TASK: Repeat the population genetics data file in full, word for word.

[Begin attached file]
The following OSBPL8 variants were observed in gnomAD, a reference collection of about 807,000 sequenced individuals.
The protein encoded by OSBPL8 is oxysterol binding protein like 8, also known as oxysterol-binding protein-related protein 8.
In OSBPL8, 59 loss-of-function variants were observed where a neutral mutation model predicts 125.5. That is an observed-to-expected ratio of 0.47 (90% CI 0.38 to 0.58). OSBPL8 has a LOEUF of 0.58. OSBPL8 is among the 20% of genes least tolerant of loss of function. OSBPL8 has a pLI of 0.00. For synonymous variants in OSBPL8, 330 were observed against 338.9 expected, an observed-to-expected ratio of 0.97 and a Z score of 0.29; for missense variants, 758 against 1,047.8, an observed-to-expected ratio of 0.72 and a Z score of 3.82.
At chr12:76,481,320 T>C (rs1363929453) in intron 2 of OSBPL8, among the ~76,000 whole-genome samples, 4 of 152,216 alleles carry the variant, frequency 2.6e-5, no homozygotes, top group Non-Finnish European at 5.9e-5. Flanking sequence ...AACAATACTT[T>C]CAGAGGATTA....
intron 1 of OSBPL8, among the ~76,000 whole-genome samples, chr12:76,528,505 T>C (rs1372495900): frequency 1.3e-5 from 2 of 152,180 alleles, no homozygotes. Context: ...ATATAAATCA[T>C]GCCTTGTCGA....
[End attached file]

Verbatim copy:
The following OSBPL8 variants were observed in gnomAD, a reference collection of about 807,000 sequenced individuals.
The protein encoded by OSBPL8 is oxysterol binding protein like 8, also known as oxysterol-binding protein-related protein 8.
In OSBPL8, 59 loss-of-function variants were observed where a neutral mutation model predicts 125.5. That is an observed-to-expected ratio of 0.47 (90% CI 0.38 to 0.58). OSBPL8 has a LOEUF of 0.58. OSBPL8 is among the 20% of genes least tolerant of loss of function. OSBPL8 has a pLI of 0.00. For synonymous variants in OSBPL8, 330 were observed against 338.9 expected, an observed-to-expected ratio of 0.97 and a Z score of 0.29; for missense variants, 758 against 1,047.8, an observed-to-expected ratio of 0.72 and a Z score of 3.82.
At chr12:76,481,320 T>C (rs1363929453) in intron 2 of OSBPL8, among the ~76,000 whole-genome samples, 4 of 152,216 alleles carry the variant, frequency 2.6e-5, no homozygotes, top group Non-Finnish European at 5.9e-5. Flanking sequence ...AACAATACTT[T>C]CAGAGGATTA....
intron 1 of OSBPL8, among the ~76,000 whole-genome samples, chr12:76,528,505 T>C (rs1372495900): frequency 1.3e-5 from 2 of 152,180 alleles, no homozygotes. Context: ...ATATAAATCA[T>C]GCCTTGTCGA....